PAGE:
Refugee exodus continues as al-Qaeda militants solidify positions in Falluja

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By Ali Latif

Azzaman, January 10, 2014

The inhabitants of the embattled city of Falluja are fleeing in droves as al-Qaeda militants strengthen positions and blow up bridges leading to the city.

The Iraqi Red Crescent said at least 13,000 families have fled the city in the past few days and the exodus was continuing.

The Red Crescent is the equivalent of the Red Cross in Muslim countries and has taken over handing out aid and assistance to Falluja which is home to nearly half a million people.

The city is besieged by Iraqi troops and reports say the inhabitants have been without water, electricity and other amenities since hundreds of al-Qaeda militants took control of it.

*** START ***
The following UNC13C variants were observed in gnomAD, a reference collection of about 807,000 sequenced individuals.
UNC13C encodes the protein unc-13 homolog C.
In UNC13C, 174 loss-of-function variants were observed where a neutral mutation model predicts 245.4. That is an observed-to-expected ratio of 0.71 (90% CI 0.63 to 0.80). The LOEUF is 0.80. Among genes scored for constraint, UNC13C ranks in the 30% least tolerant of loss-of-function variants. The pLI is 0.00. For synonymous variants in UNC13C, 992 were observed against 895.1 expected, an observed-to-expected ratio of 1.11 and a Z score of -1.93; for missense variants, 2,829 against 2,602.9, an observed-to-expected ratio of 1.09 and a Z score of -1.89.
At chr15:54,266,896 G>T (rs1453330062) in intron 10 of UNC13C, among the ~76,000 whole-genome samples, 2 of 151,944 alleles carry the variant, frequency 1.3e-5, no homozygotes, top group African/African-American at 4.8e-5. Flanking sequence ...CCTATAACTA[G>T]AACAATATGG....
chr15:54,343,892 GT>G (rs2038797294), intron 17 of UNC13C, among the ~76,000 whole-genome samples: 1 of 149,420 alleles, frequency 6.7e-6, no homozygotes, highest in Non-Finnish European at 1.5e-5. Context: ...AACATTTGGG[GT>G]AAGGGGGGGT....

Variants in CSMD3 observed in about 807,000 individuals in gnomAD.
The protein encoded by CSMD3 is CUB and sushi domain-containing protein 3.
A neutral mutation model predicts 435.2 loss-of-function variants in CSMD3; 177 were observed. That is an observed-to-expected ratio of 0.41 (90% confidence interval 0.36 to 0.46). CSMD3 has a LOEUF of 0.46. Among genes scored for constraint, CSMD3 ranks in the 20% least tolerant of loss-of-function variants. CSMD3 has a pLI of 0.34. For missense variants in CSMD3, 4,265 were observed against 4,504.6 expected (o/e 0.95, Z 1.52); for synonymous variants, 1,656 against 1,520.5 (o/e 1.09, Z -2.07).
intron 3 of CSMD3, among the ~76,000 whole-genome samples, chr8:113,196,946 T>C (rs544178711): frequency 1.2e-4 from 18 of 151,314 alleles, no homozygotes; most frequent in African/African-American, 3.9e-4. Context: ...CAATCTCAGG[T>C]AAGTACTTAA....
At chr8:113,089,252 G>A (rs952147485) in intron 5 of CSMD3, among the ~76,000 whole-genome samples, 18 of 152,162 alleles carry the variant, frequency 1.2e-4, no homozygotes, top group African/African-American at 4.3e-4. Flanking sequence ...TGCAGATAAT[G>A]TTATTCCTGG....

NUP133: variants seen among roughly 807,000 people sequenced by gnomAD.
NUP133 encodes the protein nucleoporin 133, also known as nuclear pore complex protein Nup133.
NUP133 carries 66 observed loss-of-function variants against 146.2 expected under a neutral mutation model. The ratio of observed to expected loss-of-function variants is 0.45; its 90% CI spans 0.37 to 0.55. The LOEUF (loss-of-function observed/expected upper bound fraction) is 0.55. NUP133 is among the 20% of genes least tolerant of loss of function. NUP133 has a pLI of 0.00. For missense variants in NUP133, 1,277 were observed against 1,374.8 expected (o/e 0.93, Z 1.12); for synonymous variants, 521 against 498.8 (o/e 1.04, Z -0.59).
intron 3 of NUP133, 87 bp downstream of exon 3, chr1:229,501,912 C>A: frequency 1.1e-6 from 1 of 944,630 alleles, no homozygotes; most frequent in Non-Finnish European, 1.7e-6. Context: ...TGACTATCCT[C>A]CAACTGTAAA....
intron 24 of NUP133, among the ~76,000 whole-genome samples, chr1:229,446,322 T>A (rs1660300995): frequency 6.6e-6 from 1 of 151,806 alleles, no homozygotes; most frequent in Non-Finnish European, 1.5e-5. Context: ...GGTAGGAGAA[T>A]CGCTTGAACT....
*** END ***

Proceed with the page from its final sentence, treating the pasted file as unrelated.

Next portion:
The displaced families have taken refuge in schools and other government buildings in villages and towns far away from the city.

The Red Crescent, in a statement faxed to the newspaper, said it has 60 teams to cater for the immediate needs of the people of Falluja and so far at least 8,000 families have received help.

The city is without fuel and government services have been suspended, it added.

In another development, Prime Minister Noori al-Maliki has called on al-Qaeda militants entrenched in the city to surrender or face an army assault to dislodge them by force.

The militants in control of Falluja and large swathes of desert west of Baghdad, including parts of Ramadi, a provincial capital, belong to ISIS, the Islamic State of Iraq and the Levant.

ISIS is engaged in pitched battles in Syria with both government troops and other armed groups from the opposition.

In Iraq it draws mainly on Muslim Sunni recruits among them foreign fighters but many powerful tribes have sided with the government in its fight against al-Qaeda.

In 2004, Falluja was the target of a massive assault by U.S. troops in Iraq also in a bid to free it from al-Qaeda militants.  The U.S. marines finally spread their control over Falluja but never managed to bring calm and tranquility to the city.

The government hopes Sunni tribesmen, who have risen against ISIS, will eventually either persuade or force the militants to leave.